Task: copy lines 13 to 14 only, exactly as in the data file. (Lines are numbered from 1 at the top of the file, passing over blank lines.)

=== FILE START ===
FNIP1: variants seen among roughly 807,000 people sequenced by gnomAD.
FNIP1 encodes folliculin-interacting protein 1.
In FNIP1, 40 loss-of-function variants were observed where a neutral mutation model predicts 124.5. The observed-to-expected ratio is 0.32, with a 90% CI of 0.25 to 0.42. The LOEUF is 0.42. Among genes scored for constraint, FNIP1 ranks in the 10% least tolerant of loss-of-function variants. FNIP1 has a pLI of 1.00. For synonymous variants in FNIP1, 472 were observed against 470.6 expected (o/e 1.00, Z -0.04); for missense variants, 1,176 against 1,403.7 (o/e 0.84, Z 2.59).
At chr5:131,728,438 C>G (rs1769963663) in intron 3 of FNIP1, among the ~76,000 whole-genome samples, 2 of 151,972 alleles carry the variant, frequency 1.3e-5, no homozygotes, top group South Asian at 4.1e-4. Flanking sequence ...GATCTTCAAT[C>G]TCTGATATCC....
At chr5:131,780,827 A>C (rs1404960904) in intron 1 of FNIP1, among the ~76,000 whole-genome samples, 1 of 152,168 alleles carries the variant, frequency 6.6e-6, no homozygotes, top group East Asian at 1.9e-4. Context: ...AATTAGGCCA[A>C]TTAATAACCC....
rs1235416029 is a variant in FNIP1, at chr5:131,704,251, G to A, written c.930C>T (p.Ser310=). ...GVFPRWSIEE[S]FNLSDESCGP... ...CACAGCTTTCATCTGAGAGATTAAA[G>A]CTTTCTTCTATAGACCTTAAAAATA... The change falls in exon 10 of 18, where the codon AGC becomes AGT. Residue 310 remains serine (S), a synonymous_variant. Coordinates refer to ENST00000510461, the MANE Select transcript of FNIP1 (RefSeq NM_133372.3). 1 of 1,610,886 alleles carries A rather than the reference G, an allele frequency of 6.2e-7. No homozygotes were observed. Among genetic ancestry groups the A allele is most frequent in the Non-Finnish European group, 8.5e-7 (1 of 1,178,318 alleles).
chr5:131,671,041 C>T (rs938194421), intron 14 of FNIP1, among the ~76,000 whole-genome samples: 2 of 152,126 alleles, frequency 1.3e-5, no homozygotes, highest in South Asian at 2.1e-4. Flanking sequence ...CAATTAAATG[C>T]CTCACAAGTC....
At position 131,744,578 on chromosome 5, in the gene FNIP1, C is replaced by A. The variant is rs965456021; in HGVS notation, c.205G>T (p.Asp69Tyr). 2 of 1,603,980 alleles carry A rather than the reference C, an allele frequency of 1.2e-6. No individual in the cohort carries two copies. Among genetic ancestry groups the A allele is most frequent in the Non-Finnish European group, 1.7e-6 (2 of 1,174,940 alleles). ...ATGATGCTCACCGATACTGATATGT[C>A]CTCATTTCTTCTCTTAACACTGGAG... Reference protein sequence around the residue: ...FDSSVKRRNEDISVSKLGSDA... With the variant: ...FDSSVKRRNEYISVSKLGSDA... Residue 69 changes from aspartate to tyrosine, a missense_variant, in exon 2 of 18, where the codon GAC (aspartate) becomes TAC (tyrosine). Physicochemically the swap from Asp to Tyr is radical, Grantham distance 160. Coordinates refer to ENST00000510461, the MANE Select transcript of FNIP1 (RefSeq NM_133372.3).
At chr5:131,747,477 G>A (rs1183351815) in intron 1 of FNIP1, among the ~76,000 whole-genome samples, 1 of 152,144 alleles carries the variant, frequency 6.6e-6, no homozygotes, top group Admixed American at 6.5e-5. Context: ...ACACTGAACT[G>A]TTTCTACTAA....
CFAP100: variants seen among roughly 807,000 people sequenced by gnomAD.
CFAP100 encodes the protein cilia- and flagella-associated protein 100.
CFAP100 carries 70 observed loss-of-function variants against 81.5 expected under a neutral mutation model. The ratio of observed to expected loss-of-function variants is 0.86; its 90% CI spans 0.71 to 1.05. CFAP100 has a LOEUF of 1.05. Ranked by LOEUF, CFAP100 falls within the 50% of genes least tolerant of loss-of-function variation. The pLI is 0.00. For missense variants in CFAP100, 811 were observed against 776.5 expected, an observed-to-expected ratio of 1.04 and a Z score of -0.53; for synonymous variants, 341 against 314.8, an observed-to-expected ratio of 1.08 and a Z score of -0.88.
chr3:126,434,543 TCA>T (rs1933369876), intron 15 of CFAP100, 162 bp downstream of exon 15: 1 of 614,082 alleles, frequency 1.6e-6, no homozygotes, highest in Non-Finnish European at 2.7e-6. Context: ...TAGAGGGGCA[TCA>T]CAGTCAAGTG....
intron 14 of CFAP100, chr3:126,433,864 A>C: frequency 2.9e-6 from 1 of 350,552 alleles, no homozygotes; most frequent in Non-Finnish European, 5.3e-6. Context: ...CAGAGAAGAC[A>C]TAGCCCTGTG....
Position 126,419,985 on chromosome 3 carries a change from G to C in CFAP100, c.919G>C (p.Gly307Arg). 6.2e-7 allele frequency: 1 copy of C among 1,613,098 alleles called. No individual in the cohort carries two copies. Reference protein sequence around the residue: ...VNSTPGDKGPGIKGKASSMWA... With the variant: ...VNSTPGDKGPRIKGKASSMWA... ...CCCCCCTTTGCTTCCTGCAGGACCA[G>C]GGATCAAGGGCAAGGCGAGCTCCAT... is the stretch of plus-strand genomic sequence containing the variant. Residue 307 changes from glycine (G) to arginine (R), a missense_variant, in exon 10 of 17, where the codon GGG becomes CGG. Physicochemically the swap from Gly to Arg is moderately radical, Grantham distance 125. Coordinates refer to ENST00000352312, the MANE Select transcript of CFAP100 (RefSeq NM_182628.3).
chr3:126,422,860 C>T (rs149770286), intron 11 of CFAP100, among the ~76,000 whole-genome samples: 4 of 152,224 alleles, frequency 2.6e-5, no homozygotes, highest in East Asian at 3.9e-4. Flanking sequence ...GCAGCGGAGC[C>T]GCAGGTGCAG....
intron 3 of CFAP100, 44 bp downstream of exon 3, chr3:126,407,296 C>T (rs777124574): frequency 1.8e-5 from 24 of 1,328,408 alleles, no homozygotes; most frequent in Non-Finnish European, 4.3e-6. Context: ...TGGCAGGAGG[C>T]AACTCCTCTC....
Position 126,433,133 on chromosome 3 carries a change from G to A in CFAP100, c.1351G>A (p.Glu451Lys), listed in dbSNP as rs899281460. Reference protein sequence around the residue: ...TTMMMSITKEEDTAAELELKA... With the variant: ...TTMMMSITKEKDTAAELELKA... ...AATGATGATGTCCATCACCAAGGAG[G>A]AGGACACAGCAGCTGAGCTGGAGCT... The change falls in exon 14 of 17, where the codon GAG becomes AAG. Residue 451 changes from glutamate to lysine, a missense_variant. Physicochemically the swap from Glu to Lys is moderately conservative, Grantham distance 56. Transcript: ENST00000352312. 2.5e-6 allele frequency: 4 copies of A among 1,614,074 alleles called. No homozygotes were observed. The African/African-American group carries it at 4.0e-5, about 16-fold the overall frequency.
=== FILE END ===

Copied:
chr3:126,434,543 TCA>T (rs1933369876), intron 15 of CFAP100, 162 bp downstream of exon 15: 1 of 614,082 alleles, frequency 1.6e-6, no homozygotes, highest in Non-Finnish European at 2.7e-6. Context: ...TAGAGGGGCA[TCA>T]CAGTCAAGTG....
intron 14 of CFAP100, chr3:126,433,864 A>C: frequency 2.9e-6 from 1 of 350,552 alleles, no homozygotes; most frequent in Non-Finnish European, 5.3e-6. Context: ...CAGAGAAGAC[A>C]TAGCCCTGTG....